If you are looking for some southern hospitality, the Parking Association of Georgia’s (PAG) conference and tradeshow will focus on planning, mobility, and parking. PAG’s conference will be held at the Hilton Savannah Desoto Hotel in Savannah, Georgia, April 16-18.

If you haven’t attended an IPI Allied Association conference, you really need to. “Attending the Florida Parking Association (FPA) was a very emotional and amazing experience,” says Liliana Rambo, CAPP, chair of IPI’s Board of Directors. “The educational sessions were spectacular, the events were fun, and of course the food was delicious. Having the opportunity to talk, network and reunite with long-time friends and parking colleagues was priceless.”

For more information about your State and Regional Association, please visit http://www.parking.org/about-ipi/ipi-allied-associations

Bridges, Gridlock, and Parking

KimFernandezJan2014

I lived in Maryland and worked in Virginia in 1998, which meant I crossed the Woodrow Wilson Bridge over the Potomac River twice a Screen Shot 2014-01-13 at 10.53.17 AMday. Thanks to a progressive manager who embraced flextime even then, I was normally in the office by 7 a.m. and on my way home by 3:30 p.m. Sounds great, right? It was, until the afternoon a jumper perched on the bridge and shut it down for more than five hours, effectively–and quite unexpectedly–plunging the entire Washington, D.C. metro area into gridlock. My 25-minute commute stretched to an utterly miserable three and a half hours.

Thanks to that, I have a lot of empathy for the people in Fort Lee, N.J., who move about at what must feel like the whim of the George Washington Bridge into New York City. Even when those at the state house may or may not be mucking around with traffic there, it affects everyone who lives in town.

Guess who went proactive to get their people moving again? If you said the parking professionals in Fort Lee, you’re absolutely correct, and their system of shuttles and policies has eased traffic in and around town and boosted community spirit, making life that much easier for those they serve. Their story offers a great example of how parking departments offer much more than spaces, and it’s in the January issue of The Parking Professional.

Also in this month’s issue you’ll find a great story on how airport professionals are dealing with entirely new challenges (think food trucks vs. security and Uber vs. traditional cabs); all the new technology airports can use to their advantage; a piece on a fabulous piece of garage art in Australia that’s got everyone there talking; and how garage repairs and marketing to the community can make a big difference. And, of course, you’ll see the winners of this year’s photo contest–say cheese!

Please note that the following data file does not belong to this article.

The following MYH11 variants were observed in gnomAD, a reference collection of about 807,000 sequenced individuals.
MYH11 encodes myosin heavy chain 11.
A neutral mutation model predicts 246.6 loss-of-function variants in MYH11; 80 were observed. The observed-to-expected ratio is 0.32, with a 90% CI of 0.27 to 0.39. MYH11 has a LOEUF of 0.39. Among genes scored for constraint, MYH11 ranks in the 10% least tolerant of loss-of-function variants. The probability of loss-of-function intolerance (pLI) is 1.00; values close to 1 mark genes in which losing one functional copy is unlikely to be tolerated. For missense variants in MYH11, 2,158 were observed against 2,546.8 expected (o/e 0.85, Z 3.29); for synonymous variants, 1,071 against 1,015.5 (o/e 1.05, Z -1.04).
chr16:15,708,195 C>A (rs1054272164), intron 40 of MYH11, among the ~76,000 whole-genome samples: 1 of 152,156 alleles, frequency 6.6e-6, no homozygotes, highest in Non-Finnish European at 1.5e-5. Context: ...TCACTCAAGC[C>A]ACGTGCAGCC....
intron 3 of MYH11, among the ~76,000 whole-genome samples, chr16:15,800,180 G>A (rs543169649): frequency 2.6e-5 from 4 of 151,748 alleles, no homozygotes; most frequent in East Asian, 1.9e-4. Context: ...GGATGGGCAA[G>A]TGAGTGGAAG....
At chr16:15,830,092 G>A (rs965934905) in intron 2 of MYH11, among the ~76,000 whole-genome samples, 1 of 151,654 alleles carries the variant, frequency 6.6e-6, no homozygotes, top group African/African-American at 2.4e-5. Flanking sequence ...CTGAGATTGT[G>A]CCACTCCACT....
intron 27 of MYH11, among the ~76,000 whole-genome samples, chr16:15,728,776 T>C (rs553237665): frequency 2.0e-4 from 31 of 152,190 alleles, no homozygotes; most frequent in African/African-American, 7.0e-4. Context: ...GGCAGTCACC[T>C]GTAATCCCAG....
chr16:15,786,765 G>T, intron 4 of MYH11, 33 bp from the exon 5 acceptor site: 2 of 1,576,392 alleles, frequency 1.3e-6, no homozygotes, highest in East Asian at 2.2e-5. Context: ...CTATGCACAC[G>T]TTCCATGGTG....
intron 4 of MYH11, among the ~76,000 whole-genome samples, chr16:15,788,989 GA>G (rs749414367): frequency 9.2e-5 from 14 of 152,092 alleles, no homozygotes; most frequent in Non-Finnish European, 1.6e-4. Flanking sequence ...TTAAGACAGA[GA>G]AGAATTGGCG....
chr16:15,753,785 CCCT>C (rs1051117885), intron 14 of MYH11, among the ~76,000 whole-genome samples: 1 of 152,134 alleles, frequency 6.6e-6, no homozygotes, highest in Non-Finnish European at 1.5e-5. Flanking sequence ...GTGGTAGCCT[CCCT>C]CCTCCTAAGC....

The D.C. region survived our friend on the bridge, by the way, as did he–the police eventually shot him in the leg with a beanbag, he jumped into the water and emerged unhurt, and is probably still in hiding from the wrath of thousands of commuters. My guess is that a certain deputy chief of staff in New Jersey will enjoy the same fate.

I hope you enjoy the issue–comment here or drop me a note and let me know what you think.

 

New Year, New Address for IPI

Shawn Conrad

updated_movingIt’s 2014. And, it’s our first day in IPI’s new headquarters in Alexandria, Va.

I have a new perspective on the world, literally and figuratively.

Alexandria is minutes from Washington, D.C., accessible to three major airports and a Metro stop, and our new complex has its own bike share station. It’s easier to visit us, and I hope you will!

Being in close proximity to government agencies with whom we have increasingly close ties will be an asset to IPI and its members.

IPI’s new hometown boasts the fourth largest concentration of professional associations in the nation. Many are associations related to building, property management, urban planning, architecture, transportation, law enforcement, municipalities, universities, healthcare—the list goes on! These are groups with which we either have alliances, or want to build alliances, and the proximity will facilitate those connections.

The offices may be new, but the staff is the same, with the same dedication to serving our members. We’re looking forward to all the opportunities our new address will afford. In the meantime, please update your IPI contact information.

International Parking Institute
1330 Braddock Place, Suite 350
Alexandria, Va., 22314
571.699.3011

There may be times we’re offline during the next few days (our move has been complicated by the snow here). Rest assured, we are working hard and settling in and we look forward to hearing from you Monday morning. Thanks for your patience—look for a virtual tour of our new home in the February issue of The Parking Professional and plan a visit soon!